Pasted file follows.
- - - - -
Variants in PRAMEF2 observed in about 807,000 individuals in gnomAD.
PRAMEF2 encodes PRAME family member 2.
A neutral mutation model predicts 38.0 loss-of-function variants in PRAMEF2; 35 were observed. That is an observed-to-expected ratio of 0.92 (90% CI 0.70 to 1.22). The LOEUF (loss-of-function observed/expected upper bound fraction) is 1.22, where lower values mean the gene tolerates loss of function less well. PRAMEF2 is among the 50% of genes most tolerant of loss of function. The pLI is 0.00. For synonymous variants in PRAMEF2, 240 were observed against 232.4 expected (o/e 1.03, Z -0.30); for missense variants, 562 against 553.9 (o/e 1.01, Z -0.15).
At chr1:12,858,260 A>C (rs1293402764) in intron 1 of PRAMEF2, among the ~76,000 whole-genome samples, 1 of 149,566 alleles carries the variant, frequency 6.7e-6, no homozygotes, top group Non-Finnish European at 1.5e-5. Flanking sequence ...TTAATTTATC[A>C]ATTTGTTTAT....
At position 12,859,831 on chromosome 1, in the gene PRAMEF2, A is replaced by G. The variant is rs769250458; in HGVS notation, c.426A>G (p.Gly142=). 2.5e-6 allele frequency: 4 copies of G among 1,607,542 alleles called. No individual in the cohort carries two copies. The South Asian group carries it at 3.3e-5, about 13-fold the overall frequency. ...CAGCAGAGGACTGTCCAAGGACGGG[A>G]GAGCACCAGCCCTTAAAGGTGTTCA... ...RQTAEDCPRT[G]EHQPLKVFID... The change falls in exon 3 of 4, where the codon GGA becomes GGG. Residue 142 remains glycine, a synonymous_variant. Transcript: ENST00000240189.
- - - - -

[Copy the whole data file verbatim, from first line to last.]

Variants in PRAMEF2 observed in about 807,000 individuals in gnomAD.
PRAMEF2 encodes PRAME family member 2.
A neutral mutation model predicts 38.0 loss-of-function variants in PRAMEF2; 35 were observed. That is an observed-to-expected ratio of 0.92 (90% CI 0.70 to 1.22). The LOEUF (loss-of-function observed/expected upper bound fraction) is 1.22, where lower values mean the gene tolerates loss of function less well. PRAMEF2 is among the 50% of genes most tolerant of loss of function. The pLI is 0.00. For synonymous variants in PRAMEF2, 240 were observed against 232.4 expected (o/e 1.03, Z -0.30); for missense variants, 562 against 553.9 (o/e 1.01, Z -0.15).
At chr1:12,858,260 A>C (rs1293402764) in intron 1 of PRAMEF2, among the ~76,000 whole-genome samples, 1 of 149,566 alleles carries the variant, frequency 6.7e-6, no homozygotes, top group Non-Finnish European at 1.5e-5. Flanking sequence ...TTAATTTATC[A>C]ATTTGTTTAT....
At position 12,859,831 on chromosome 1, in the gene PRAMEF2, A is replaced by G. The variant is rs769250458; in HGVS notation, c.426A>G (p.Gly142=). 2.5e-6 allele frequency: 4 copies of G among 1,607,542 alleles called. No individual in the cohort carries two copies. The South Asian group carries it at 3.3e-5, about 13-fold the overall frequency. ...CAGCAGAGGACTGTCCAAGGACGGG[A>G]GAGCACCAGCCCTTAAAGGTGTTCA... ...RQTAEDCPRT[G]EHQPLKVFID... The change falls in exon 3 of 4, where the codon GGA becomes GGG. Residue 142 remains glycine, a synonymous_variant. Transcript: ENST00000240189.